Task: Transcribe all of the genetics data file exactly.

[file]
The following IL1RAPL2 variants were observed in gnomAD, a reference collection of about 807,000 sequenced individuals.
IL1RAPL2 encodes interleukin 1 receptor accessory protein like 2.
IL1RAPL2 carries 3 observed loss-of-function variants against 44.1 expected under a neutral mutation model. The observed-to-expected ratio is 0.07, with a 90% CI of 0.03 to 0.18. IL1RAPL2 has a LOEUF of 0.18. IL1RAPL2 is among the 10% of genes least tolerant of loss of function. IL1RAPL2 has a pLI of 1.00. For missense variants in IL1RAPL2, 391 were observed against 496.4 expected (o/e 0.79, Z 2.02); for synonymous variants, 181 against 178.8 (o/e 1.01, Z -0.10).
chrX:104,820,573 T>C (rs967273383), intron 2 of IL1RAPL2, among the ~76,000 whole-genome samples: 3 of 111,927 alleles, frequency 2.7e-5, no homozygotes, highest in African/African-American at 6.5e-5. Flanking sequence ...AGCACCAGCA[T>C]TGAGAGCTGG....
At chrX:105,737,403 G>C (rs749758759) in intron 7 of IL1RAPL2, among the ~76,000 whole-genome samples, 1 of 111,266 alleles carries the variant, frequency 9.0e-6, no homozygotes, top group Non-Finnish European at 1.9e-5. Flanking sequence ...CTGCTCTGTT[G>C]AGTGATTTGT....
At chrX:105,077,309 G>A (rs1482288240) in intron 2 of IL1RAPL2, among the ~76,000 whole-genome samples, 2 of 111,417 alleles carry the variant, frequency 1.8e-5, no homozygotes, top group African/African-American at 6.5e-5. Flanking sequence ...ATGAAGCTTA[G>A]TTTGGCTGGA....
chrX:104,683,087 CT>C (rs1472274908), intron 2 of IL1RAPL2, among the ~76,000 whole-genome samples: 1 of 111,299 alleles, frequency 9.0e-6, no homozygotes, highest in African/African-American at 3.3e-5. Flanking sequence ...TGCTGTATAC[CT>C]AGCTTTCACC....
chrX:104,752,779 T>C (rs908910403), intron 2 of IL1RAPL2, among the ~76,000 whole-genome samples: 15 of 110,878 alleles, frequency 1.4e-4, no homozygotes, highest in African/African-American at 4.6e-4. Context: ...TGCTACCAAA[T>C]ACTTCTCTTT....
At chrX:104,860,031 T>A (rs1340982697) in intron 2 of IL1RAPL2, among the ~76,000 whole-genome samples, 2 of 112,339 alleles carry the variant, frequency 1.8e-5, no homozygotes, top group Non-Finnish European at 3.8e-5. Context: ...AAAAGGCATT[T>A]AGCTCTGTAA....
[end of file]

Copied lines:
The following IL1RAPL2 variants were observed in gnomAD, a reference collection of about 807,000 sequenced individuals.
IL1RAPL2 encodes interleukin 1 receptor accessory protein like 2.
IL1RAPL2 carries 3 observed loss-of-function variants against 44.1 expected under a neutral mutation model. The observed-to-expected ratio is 0.07, with a 90% CI of 0.03 to 0.18. IL1RAPL2 has a LOEUF of 0.18. IL1RAPL2 is among the 10% of genes least tolerant of loss of function. IL1RAPL2 has a pLI of 1.00. For missense variants in IL1RAPL2, 391 were observed against 496.4 expected (o/e 0.79, Z 2.02); for synonymous variants, 181 against 178.8 (o/e 1.01, Z -0.10).
chrX:104,820,573 T>C (rs967273383), intron 2 of IL1RAPL2, among the ~76,000 whole-genome samples: 3 of 111,927 alleles, frequency 2.7e-5, no homozygotes, highest in African/African-American at 6.5e-5. Flanking sequence ...AGCACCAGCA[T>C]TGAGAGCTGG....
At chrX:105,737,403 G>C (rs749758759) in intron 7 of IL1RAPL2, among the ~76,000 whole-genome samples, 1 of 111,266 alleles carries the variant, frequency 9.0e-6, no homozygotes, top group Non-Finnish European at 1.9e-5. Flanking sequence ...CTGCTCTGTT[G>C]AGTGATTTGT....
At chrX:105,077,309 G>A (rs1482288240) in intron 2 of IL1RAPL2, among the ~76,000 whole-genome samples, 2 of 111,417 alleles carry the variant, frequency 1.8e-5, no homozygotes, top group African/African-American at 6.5e-5. Flanking sequence ...ATGAAGCTTA[G>A]TTTGGCTGGA....
chrX:104,683,087 CT>C (rs1472274908), intron 2 of IL1RAPL2, among the ~76,000 whole-genome samples: 1 of 111,299 alleles, frequency 9.0e-6, no homozygotes, highest in African/African-American at 3.3e-5. Flanking sequence ...TGCTGTATAC[CT>C]AGCTTTCACC....
chrX:104,752,779 T>C (rs908910403), intron 2 of IL1RAPL2, among the ~76,000 whole-genome samples: 15 of 110,878 alleles, frequency 1.4e-4, no homozygotes, highest in African/African-American at 4.6e-4. Context: ...TGCTACCAAA[T>C]ACTTCTCTTT....
At chrX:104,860,031 T>A (rs1340982697) in intron 2 of IL1RAPL2, among the ~76,000 whole-genome samples, 2 of 112,339 alleles carry the variant, frequency 1.8e-5, no homozygotes, top group Non-Finnish European at 3.8e-5. Context: ...AAAAGGCATT[T>A]AGCTCTGTAA....